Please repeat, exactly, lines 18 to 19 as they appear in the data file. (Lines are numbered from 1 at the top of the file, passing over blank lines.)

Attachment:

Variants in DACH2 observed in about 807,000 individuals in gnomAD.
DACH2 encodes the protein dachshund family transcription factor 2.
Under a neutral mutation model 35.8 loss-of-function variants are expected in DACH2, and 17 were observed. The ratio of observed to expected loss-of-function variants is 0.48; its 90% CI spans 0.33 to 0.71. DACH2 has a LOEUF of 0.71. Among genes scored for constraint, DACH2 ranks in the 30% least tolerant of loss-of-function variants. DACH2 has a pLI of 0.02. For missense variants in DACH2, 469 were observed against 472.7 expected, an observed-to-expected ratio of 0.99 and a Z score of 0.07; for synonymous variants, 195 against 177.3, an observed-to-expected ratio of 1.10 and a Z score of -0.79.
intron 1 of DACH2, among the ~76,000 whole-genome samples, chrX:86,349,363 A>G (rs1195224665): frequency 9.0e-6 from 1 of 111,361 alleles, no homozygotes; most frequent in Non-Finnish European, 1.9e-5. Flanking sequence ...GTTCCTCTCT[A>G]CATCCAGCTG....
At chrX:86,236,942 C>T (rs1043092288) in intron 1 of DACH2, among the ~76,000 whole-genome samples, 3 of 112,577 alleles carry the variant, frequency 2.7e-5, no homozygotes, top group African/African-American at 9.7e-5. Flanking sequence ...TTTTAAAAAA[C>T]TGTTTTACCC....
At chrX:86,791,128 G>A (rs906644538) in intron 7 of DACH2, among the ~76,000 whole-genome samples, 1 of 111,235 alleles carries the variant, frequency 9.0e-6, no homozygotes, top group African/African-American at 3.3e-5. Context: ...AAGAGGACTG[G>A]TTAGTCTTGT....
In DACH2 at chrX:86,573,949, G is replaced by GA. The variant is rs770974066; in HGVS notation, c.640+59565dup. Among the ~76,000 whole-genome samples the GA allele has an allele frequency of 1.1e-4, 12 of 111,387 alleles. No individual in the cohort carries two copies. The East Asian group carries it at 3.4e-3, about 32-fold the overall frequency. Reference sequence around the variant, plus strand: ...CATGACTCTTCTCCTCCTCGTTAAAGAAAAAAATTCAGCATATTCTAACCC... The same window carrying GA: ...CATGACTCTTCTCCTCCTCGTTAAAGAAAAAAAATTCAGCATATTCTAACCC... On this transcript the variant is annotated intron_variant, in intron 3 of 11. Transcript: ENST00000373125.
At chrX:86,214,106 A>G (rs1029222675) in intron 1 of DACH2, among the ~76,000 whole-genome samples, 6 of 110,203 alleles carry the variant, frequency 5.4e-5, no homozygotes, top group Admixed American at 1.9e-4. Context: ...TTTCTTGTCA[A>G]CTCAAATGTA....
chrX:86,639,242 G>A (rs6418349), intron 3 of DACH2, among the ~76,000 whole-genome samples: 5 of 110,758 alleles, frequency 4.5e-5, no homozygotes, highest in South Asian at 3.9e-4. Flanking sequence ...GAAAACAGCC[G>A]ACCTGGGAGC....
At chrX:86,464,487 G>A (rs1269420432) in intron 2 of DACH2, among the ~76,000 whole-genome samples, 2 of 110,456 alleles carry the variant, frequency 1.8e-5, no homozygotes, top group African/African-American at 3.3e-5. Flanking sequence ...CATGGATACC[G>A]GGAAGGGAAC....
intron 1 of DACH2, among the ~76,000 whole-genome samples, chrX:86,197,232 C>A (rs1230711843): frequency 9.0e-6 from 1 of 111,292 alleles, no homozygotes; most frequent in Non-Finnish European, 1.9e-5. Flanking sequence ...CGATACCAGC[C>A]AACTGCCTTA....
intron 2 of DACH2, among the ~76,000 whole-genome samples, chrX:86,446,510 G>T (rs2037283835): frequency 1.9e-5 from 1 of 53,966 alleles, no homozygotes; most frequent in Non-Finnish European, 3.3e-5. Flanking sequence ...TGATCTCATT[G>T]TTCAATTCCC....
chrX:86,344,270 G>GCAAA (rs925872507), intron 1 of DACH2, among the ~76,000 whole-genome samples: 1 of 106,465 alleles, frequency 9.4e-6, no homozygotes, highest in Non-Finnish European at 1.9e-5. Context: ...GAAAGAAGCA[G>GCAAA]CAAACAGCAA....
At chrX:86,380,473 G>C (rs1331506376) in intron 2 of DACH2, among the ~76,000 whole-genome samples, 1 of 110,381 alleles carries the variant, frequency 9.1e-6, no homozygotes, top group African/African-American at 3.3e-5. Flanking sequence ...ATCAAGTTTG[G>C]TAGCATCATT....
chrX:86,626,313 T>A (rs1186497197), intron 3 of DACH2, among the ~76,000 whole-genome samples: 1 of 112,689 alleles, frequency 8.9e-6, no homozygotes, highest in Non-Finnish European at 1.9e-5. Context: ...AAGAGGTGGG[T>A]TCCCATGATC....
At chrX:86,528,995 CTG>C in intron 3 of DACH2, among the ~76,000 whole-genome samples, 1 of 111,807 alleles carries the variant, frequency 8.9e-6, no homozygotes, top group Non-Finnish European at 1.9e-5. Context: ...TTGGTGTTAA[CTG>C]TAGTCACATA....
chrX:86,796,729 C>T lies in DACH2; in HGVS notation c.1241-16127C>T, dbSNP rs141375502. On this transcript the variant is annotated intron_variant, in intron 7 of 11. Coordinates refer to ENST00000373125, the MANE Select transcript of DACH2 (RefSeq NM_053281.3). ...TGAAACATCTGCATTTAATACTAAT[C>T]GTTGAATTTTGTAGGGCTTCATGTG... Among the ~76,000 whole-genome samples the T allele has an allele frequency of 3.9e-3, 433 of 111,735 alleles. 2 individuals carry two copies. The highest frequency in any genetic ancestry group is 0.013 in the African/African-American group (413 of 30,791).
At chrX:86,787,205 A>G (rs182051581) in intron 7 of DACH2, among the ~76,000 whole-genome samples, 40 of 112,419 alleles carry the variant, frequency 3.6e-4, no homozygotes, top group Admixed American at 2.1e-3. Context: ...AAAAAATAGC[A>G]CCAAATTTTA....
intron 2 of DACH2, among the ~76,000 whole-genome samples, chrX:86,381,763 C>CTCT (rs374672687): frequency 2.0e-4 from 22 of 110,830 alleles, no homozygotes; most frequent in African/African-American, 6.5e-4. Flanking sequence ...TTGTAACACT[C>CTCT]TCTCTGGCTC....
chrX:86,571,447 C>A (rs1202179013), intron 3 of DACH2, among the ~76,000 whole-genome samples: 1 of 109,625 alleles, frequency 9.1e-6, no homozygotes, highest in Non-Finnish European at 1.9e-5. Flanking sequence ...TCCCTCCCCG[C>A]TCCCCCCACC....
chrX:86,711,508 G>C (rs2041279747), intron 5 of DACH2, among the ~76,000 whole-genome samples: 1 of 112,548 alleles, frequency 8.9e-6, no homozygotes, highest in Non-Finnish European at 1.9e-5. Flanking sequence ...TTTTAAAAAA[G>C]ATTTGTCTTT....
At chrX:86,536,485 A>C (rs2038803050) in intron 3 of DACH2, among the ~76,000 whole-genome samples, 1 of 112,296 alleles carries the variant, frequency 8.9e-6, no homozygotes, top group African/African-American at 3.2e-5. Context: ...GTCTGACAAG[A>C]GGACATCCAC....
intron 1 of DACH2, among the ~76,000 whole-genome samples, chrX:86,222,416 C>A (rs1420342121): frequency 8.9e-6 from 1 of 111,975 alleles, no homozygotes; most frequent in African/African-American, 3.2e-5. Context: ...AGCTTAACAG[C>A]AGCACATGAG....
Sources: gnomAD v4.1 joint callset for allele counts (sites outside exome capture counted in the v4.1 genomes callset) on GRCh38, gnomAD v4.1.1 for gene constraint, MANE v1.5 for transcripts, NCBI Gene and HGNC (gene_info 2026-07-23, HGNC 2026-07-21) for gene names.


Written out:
At chrX:86,787,205 A>G (rs182051581) in intron 7 of DACH2, among the ~76,000 whole-genome samples, 40 of 112,419 alleles carry the variant, frequency 3.6e-4, no homozygotes, top group Admixed American at 2.1e-3. Context: ...AAAAAATAGC[A>G]CCAAATTTTA....
intron 2 of DACH2, among the ~76,000 whole-genome samples, chrX:86,381,763 C>CTCT (rs374672687): frequency 2.0e-4 from 22 of 110,830 alleles, no homozygotes; most frequent in African/African-American, 6.5e-4. Flanking sequence ...TTGTAACACT[C>CTCT]TCTCTGGCTC....